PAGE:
Historic Neal Shoals Hydroelectric Dam Looks to the Future with Hot- Dip Galvanizing by Galvan Industries
Galvan Industries recently rust-proofed elements for a 96-foot-wide intake cleaning system installation to help keep the water flowing and the generators turning at South Carolina Electric’s Neal Shoals hydroelectric dam on the Broad River in Carlisle, S.C. Galvan also rust-proofed new gates to control water through the dam. Eco-friendly HDG provides unmatched protection against corrosion, adding years of life and improved performance to hydroelectric dams and wind/solar power generators.
The Neal Shoals dam creates a 10-mile, 575-acre impoundment area along the Broad River in a region known as the Broad River Valley, an area rich in history and recreational opportunities.
Built in 1905, the dam is listed on the National Register of Historic Places. Supplying electricity to textile mills in the towns of Buffalo, Union, and the surrounding area was, originally, the chief purpose for the Neal Shoals plant.
Historically speaking, hydroelectricity generated by dams like the one at Neal Shoals aided the industrial development of the area by supplying electric current to textile factories, railroads, wood pulp and paper processing factories, and mining operations.
By the beginning of the twentieth century, hydroelectric facilities were generating power to run trolleys and illuminate streetlights, and to supply electricity for stores and houses. From the 1930s through World War II, hydroelectric plants provided most of the electricity generated in the Southeast. By 1940 over one-third of all electrical power generated in the United States came from hydroelectric facilities.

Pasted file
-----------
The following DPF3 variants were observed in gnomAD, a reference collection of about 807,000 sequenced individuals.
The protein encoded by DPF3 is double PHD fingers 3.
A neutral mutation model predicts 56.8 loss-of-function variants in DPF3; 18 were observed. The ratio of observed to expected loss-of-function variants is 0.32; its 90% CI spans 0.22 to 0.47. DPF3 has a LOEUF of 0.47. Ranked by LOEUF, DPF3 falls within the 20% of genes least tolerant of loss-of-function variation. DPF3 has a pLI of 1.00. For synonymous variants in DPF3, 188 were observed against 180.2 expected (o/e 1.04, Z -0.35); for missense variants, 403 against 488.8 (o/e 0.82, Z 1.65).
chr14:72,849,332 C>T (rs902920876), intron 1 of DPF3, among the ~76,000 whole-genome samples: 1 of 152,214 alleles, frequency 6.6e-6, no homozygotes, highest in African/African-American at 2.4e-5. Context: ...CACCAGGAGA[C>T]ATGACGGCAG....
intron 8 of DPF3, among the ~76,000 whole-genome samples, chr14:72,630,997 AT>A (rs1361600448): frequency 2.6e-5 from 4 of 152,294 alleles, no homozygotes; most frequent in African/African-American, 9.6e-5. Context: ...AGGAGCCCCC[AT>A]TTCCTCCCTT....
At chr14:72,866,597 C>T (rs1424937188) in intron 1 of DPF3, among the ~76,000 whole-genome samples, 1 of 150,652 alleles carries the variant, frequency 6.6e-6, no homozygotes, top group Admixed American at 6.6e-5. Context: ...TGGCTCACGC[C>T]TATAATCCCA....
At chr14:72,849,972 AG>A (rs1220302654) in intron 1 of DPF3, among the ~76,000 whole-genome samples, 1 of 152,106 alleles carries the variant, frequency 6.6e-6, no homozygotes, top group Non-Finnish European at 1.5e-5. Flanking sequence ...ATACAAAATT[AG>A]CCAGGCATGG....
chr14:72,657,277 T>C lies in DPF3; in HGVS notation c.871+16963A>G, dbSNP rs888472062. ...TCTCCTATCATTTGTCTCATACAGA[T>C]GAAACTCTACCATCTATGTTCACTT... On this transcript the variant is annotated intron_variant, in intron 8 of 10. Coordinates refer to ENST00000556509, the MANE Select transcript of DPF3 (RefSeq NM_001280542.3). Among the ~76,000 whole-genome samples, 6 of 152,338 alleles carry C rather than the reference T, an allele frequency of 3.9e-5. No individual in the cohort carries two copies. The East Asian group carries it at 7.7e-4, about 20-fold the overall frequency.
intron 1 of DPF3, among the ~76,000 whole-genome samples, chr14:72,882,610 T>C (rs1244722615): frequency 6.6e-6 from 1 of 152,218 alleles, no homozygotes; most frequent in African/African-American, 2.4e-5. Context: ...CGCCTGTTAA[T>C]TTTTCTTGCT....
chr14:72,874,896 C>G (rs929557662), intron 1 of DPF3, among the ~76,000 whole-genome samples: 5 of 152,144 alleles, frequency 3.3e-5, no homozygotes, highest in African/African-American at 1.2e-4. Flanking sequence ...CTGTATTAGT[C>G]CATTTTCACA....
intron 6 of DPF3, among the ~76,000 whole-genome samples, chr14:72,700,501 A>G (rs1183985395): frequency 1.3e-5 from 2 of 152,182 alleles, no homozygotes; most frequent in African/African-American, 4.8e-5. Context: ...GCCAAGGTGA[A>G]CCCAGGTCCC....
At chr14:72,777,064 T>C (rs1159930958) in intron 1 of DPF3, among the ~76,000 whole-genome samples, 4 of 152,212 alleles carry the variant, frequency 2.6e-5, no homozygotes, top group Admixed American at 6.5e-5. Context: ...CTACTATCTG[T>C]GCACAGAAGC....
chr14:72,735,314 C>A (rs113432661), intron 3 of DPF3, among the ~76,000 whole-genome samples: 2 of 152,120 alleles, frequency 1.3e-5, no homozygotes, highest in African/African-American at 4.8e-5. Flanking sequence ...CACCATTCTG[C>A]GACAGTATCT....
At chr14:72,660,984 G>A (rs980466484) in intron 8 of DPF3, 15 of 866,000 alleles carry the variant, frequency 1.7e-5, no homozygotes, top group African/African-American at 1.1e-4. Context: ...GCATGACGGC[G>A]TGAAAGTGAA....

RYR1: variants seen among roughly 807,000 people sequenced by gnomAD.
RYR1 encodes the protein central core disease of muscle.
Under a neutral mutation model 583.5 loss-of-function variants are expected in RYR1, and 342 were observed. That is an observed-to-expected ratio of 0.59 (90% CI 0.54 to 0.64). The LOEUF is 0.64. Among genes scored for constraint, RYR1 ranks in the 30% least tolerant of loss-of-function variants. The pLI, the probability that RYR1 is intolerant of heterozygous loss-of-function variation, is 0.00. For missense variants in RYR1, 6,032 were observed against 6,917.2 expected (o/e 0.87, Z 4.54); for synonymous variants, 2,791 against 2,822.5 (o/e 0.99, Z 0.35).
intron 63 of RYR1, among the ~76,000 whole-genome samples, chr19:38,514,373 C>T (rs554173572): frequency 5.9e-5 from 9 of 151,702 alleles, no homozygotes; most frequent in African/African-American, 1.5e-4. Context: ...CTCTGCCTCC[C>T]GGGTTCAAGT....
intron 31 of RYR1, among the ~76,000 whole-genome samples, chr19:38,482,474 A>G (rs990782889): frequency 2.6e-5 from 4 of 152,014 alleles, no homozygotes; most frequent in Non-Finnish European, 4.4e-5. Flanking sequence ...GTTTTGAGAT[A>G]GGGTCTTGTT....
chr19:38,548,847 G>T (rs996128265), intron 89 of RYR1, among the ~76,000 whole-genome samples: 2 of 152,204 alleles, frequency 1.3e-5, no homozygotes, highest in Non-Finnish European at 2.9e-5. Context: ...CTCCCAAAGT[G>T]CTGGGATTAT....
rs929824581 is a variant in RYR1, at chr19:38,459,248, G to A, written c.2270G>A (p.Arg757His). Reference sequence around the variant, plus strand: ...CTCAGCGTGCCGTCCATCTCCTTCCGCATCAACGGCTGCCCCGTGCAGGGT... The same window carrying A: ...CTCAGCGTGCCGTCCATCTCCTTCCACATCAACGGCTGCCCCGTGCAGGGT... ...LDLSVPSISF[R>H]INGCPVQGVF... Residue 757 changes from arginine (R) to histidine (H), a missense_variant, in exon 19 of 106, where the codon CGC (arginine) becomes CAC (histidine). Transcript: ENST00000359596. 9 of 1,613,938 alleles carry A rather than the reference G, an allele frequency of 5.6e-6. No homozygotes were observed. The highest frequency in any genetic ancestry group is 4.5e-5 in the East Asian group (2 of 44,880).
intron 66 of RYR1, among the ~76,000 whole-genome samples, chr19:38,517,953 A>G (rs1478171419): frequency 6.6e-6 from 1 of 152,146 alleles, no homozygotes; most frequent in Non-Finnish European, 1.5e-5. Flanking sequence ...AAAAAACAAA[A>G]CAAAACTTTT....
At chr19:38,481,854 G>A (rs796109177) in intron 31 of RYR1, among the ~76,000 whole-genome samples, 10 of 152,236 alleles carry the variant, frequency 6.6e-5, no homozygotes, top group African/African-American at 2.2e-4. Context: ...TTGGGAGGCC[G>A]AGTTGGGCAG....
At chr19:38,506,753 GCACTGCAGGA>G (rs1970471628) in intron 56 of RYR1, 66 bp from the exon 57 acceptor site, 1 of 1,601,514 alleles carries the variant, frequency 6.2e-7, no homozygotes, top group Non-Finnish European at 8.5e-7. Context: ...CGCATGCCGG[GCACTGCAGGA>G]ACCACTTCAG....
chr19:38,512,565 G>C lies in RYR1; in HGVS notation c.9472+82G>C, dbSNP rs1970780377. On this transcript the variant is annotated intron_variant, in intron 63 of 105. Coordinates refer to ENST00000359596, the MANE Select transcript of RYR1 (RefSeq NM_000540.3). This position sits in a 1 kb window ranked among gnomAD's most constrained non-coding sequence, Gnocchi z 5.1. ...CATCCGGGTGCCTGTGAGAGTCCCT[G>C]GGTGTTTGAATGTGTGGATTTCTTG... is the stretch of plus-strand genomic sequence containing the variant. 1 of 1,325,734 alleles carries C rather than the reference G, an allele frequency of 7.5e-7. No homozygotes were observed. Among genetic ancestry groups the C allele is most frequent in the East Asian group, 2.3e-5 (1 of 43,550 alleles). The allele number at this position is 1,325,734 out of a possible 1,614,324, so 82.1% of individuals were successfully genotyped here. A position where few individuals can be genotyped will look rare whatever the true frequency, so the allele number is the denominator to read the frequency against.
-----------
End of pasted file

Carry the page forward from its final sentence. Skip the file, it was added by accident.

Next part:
The Neal Shoals Dam is still an important supplier of electrical power today, with four generators providing an average annual output of 18,213.1 megawatt hours of electricity. One megawatt hour (Mwh) is equal to 1,000 Kilowatt hours (Kwh) or 1,000 kilowatts of electricity used continuously for an hour. It is equivalent to the amount of electricity used by about 330 homes for one hour.
Keeping the underwater intake areas of older hydroelectric dams free of trash and debris is extremely important. Maintaining maximum water flow allows the dams to operate at peak efficiency.
Intake cleaning systems work by dredging the water intake area, removing trash, leaves and even water-soaked logs that could otherwise decrease water flow. They can capture and eliminate thousands of pounds of debris with each cycle.
Hot-dip galvanizing by Galvan keeps the steel components of the dam rust free for many decades of service, even when continually exposed to sun and water.
Galvan is proud to be a part of the future of historic hydropower generation.
About Galvan Industries, Inc.
Since 1958, Galvan Industries has provided the ultimate in corrosion control to steel fabricators and manufacturers. The first hot-dip galvanizing operation in the Carolinas, the company has grown to become the largest capacity contract galvanizer in the Southeast.